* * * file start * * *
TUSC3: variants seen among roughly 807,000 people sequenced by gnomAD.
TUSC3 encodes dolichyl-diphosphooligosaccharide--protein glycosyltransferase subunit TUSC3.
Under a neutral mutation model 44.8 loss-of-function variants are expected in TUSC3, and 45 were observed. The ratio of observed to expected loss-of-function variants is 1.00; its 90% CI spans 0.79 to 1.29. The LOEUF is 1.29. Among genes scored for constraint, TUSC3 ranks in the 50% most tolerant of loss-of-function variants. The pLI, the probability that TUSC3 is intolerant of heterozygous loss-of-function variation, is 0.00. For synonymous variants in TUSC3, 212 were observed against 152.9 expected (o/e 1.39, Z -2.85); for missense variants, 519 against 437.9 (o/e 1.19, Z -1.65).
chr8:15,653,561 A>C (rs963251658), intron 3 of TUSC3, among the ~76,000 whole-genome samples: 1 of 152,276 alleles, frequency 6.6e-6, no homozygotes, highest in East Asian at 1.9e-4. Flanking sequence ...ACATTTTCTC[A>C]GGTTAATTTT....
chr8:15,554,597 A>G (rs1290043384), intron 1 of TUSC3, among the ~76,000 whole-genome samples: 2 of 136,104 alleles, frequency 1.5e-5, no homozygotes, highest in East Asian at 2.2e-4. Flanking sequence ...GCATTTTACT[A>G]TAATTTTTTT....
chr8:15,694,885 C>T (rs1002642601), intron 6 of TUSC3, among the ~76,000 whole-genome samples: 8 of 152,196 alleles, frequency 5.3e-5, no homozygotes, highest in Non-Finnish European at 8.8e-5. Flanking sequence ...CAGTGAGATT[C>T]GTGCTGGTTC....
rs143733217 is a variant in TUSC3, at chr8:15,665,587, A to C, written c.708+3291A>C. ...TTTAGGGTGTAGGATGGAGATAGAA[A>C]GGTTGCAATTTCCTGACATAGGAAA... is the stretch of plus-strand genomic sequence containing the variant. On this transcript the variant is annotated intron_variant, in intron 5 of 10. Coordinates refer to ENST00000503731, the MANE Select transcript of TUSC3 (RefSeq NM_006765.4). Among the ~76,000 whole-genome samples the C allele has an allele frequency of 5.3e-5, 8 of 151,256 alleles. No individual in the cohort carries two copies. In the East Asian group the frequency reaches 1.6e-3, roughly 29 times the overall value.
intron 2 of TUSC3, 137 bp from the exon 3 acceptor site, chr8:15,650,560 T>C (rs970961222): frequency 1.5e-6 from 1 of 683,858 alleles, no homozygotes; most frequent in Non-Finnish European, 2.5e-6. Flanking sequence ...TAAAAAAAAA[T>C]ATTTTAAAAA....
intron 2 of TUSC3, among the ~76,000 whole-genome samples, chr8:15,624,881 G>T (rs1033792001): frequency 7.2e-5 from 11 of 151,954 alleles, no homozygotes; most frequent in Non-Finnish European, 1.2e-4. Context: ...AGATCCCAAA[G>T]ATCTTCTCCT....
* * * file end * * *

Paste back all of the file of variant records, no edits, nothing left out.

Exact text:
TUSC3: variants seen among roughly 807,000 people sequenced by gnomAD.
TUSC3 encodes dolichyl-diphosphooligosaccharide--protein glycosyltransferase subunit TUSC3.
Under a neutral mutation model 44.8 loss-of-function variants are expected in TUSC3, and 45 were observed. The ratio of observed to expected loss-of-function variants is 1.00; its 90% CI spans 0.79 to 1.29. The LOEUF is 1.29. Among genes scored for constraint, TUSC3 ranks in the 50% most tolerant of loss-of-function variants. The pLI, the probability that TUSC3 is intolerant of heterozygous loss-of-function variation, is 0.00. For synonymous variants in TUSC3, 212 were observed against 152.9 expected (o/e 1.39, Z -2.85); for missense variants, 519 against 437.9 (o/e 1.19, Z -1.65).
chr8:15,653,561 A>C (rs963251658), intron 3 of TUSC3, among the ~76,000 whole-genome samples: 1 of 152,276 alleles, frequency 6.6e-6, no homozygotes, highest in East Asian at 1.9e-4. Flanking sequence ...ACATTTTCTC[A>C]GGTTAATTTT....
chr8:15,554,597 A>G (rs1290043384), intron 1 of TUSC3, among the ~76,000 whole-genome samples: 2 of 136,104 alleles, frequency 1.5e-5, no homozygotes, highest in East Asian at 2.2e-4. Flanking sequence ...GCATTTTACT[A>G]TAATTTTTTT....
chr8:15,694,885 C>T (rs1002642601), intron 6 of TUSC3, among the ~76,000 whole-genome samples: 8 of 152,196 alleles, frequency 5.3e-5, no homozygotes, highest in Non-Finnish European at 8.8e-5. Flanking sequence ...CAGTGAGATT[C>T]GTGCTGGTTC....
rs143733217 is a variant in TUSC3, at chr8:15,665,587, A to C, written c.708+3291A>C. ...TTTAGGGTGTAGGATGGAGATAGAA[A>C]GGTTGCAATTTCCTGACATAGGAAA... is the stretch of plus-strand genomic sequence containing the variant. On this transcript the variant is annotated intron_variant, in intron 5 of 10. Coordinates refer to ENST00000503731, the MANE Select transcript of TUSC3 (RefSeq NM_006765.4). Among the ~76,000 whole-genome samples the C allele has an allele frequency of 5.3e-5, 8 of 151,256 alleles. No individual in the cohort carries two copies. In the East Asian group the frequency reaches 1.6e-3, roughly 29 times the overall value.
intron 2 of TUSC3, 137 bp from the exon 3 acceptor site, chr8:15,650,560 T>C (rs970961222): frequency 1.5e-6 from 1 of 683,858 alleles, no homozygotes; most frequent in Non-Finnish European, 2.5e-6. Flanking sequence ...TAAAAAAAAA[T>C]ATTTTAAAAA....
intron 2 of TUSC3, among the ~76,000 whole-genome samples, chr8:15,624,881 G>T (rs1033792001): frequency 7.2e-5 from 11 of 151,954 alleles, no homozygotes; most frequent in Non-Finnish European, 1.2e-4. Context: ...AGATCCCAAA[G>T]ATCTTCTCCT....